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The NWS Warns Residents Ahead Of Hurricane Ian: ‘If you can leave, just leave now’

In areas that aren't accustomed to being directly slammed by a hurricane, Hurricane Ian is threatening deadly storm surges and forcing immediate evacuations because it heads near Florida.


An update from the Miami-based National Hurricane Center at 5 p.m. ET indicates that Ian is now a Category 4 hurricane consistent with the Saffir-Simpson scale. In keeping with the center, Ian travels north-northwest at around 13 mph and has its eye about 150 miles southeast of the western point of Cuba.


A hurricane could theoretically impact Florida on Wednesday, but Florida might begin to feel Ian's wrath as early as Tuesday.


The storm conditions are "projected to constitute a severe disaster," according to Florida Governor Ron DeSantis, who has proclaimed a "state of emergency" for the whole state.


The National Hurricane Center encouraged the residents of Cuba, the Florida Keys, and the Florida Peninsula to prepare a hurricane plan and closely monitor forecast updates.


The forecast for Ian from the hurricane center, per CNN meteorologist Brandon Miller, "has demonstrated an unprecedented rate of strengthening from a tropical storm to major hurricane."


The National Weather Service shared on Twitter that Ian is predicted to be a significant hurricane within the eastern Gulf of Mexico by the middle of the week. No matter Ian's exact course, the geographical area and Panhandle of Florida could experience a potentially fatal storm surge, hurricane-force winds, and significant rainfall by midweek.


More than 15 million people within the US are anticipated to experience gusts of at least a minimum of tropical storm strength in areas including Tampa, Orlando, Tallahassee, and Jacksonville, per Miller.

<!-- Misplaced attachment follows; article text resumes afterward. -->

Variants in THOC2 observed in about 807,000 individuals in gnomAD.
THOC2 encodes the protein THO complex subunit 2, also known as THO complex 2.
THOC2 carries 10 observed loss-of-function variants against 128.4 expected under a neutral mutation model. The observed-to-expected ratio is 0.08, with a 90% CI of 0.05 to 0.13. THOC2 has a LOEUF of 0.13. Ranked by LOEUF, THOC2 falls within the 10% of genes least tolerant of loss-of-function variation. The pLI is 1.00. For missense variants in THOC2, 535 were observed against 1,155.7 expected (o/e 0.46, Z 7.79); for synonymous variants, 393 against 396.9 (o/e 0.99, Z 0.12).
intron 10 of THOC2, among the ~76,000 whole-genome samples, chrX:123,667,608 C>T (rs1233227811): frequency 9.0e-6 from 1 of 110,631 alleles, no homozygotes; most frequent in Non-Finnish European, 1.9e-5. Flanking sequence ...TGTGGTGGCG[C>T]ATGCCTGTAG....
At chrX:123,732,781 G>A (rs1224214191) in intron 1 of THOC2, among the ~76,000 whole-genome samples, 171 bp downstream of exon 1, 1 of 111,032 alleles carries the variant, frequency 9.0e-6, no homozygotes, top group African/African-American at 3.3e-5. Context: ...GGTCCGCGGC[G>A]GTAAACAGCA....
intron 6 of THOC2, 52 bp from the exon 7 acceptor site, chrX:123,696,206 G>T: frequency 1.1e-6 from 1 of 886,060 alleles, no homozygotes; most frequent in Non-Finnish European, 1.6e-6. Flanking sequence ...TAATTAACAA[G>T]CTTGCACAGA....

According to the foremost recent alert, a storm surge warning has been added for parts of western Florida where a 5 to 10-foot surge is feasible. Additionally, the bay is included in the "life-threatening inundation" alert from Anclote River to Flamingo within the south.


According to the foremost recent hurricane center advisory, the hurricane watch from Englewood to the Anclote River, encompassing the bay, has been raised to a hurricane warning. It means that "hurricane conditions are forecast somewhere inside the warning region, during this case, within 24 to 36 hours."


Even though the projection models indicate a large sort of potential routes, one concern is obvious: the Tampa area, on the western coast of Florida, may experience its first direct hurricane impact since 1921, which may be disastrous.


The last major hurricane to form an instantaneous hit was 100 years ago, in keeping with Rick Davis, a meteorologist with the Tampa branch of the National Weather Service. Many people in Florida have been full of hurricanes over the past five to 10 years.


Castor reported 49 available shelters, some of which welcome dogs who can serve people with specific requirements.


 


 


Edited by- Devnum Nagar


 


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